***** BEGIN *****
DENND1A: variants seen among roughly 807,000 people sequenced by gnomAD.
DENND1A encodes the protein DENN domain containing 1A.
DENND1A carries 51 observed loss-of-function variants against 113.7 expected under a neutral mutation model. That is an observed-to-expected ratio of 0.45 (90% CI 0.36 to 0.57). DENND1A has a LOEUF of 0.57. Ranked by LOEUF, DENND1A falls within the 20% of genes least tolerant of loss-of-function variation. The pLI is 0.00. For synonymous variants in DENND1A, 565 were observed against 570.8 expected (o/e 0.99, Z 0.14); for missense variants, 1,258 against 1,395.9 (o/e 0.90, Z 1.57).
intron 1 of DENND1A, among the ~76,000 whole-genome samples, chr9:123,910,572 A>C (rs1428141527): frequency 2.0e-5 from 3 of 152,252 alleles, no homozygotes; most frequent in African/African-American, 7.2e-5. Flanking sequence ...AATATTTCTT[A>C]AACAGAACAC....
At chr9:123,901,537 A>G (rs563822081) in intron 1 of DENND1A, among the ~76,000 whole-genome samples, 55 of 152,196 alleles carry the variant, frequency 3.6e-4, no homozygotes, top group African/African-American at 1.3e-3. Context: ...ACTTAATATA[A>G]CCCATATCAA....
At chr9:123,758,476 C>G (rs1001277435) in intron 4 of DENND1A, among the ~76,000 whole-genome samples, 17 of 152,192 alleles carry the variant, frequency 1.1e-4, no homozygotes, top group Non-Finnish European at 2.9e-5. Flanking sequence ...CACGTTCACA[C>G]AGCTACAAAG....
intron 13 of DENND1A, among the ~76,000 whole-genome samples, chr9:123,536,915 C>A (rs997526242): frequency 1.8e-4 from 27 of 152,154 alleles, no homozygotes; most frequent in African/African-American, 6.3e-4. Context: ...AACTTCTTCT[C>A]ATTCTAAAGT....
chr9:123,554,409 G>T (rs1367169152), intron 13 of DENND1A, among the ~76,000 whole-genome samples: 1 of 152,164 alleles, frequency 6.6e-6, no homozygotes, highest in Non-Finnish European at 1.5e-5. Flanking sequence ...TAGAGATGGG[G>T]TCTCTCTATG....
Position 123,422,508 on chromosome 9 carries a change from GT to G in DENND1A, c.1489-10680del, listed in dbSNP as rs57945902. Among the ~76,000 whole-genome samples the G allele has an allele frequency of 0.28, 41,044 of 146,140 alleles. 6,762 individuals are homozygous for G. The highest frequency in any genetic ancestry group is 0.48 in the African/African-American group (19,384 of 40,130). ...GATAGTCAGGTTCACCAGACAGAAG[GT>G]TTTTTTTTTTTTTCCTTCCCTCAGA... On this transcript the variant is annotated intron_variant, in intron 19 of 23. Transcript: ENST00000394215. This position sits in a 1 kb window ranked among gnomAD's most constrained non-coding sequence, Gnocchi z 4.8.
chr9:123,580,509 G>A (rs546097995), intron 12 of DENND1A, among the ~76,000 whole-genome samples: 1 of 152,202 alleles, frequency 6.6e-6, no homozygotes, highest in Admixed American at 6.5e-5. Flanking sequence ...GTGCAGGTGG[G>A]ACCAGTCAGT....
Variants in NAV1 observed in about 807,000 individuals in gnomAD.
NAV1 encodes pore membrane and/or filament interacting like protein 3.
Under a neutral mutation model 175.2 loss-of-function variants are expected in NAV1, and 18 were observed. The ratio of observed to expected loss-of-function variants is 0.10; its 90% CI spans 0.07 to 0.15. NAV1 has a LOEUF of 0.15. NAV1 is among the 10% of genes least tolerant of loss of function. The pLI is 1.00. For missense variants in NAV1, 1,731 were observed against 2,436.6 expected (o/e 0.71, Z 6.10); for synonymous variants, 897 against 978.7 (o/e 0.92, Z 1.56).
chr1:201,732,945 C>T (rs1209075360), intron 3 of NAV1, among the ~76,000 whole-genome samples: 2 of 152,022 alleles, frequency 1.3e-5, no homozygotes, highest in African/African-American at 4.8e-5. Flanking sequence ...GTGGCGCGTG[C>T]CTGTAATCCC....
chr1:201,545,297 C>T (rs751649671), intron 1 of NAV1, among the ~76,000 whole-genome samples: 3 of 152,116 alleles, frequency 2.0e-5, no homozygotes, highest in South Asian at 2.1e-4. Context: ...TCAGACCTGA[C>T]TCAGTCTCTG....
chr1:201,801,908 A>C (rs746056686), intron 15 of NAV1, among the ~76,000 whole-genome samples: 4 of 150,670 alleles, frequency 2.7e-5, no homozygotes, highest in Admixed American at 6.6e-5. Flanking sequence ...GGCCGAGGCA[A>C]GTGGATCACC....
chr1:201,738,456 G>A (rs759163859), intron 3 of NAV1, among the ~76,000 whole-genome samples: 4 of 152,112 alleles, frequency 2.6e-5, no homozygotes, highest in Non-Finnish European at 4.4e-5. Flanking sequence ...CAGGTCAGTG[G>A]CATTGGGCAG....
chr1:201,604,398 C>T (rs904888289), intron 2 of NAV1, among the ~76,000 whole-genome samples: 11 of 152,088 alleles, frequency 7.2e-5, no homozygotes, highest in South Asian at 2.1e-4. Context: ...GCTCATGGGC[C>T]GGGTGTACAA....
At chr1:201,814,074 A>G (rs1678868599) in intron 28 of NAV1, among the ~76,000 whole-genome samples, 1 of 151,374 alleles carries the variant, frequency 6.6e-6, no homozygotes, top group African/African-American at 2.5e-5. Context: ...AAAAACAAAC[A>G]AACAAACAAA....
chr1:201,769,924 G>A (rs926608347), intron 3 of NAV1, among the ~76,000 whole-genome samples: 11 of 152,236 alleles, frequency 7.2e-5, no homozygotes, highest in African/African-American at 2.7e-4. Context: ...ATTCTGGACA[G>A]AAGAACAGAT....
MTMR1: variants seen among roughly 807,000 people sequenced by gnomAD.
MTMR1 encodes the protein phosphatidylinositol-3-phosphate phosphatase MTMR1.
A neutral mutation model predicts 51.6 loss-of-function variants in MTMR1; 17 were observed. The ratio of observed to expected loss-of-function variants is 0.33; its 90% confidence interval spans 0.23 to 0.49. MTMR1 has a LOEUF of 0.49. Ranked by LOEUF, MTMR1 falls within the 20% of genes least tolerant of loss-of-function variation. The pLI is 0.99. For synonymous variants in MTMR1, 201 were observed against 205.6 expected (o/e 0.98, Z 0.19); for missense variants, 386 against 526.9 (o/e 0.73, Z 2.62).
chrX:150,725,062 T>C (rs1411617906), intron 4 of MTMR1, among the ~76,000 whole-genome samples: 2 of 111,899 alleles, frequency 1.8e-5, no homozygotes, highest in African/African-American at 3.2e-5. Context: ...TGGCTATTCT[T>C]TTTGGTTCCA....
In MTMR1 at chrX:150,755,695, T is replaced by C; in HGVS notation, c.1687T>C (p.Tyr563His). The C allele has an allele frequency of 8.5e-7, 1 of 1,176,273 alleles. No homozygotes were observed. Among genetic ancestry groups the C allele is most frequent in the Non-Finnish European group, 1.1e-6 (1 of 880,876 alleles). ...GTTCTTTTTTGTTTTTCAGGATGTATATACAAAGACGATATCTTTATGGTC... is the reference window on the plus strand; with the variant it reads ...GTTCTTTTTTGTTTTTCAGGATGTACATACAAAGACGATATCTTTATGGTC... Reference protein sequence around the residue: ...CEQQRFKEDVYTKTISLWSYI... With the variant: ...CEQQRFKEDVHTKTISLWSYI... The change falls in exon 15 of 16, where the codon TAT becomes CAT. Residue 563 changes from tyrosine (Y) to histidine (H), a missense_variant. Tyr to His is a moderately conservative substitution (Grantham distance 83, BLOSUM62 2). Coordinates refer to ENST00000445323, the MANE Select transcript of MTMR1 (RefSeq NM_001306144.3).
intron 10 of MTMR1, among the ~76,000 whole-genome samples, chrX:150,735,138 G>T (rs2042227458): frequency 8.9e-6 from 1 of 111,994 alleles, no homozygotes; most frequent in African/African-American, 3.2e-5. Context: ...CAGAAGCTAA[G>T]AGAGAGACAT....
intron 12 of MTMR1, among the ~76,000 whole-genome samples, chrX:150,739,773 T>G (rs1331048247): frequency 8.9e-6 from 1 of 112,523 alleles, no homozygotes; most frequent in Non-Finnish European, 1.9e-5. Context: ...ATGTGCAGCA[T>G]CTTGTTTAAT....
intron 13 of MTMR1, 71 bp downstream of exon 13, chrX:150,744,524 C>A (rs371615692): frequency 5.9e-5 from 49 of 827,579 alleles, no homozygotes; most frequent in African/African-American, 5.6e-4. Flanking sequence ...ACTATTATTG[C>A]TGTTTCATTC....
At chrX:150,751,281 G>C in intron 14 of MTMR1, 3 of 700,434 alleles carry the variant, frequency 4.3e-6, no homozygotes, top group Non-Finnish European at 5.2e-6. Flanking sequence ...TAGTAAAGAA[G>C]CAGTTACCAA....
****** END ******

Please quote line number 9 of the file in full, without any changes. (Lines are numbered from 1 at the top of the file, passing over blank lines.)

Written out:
Position 123,422,508 on chromosome 9 carries a change from GT to G in DENND1A, c.1489-10680del, listed in dbSNP as rs57945902. Among the ~76,000 whole-genome samples the G allele has an allele frequency of 0.28, 41,044 of 146,140 alleles. 6,762 individuals are homozygous for G. The highest frequency in any genetic ancestry group is 0.48 in the African/African-American group (19,384 of 40,130). ...GATAGTCAGGTTCACCAGACAGAAG[GT>G]TTTTTTTTTTTTTCCTTCCCTCAGA... On this transcript the variant is annotated intron_variant, in intron 19 of 23. Transcript: ENST00000394215. This position sits in a 1 kb window ranked among gnomAD's most constrained non-coding sequence, Gnocchi z 4.8.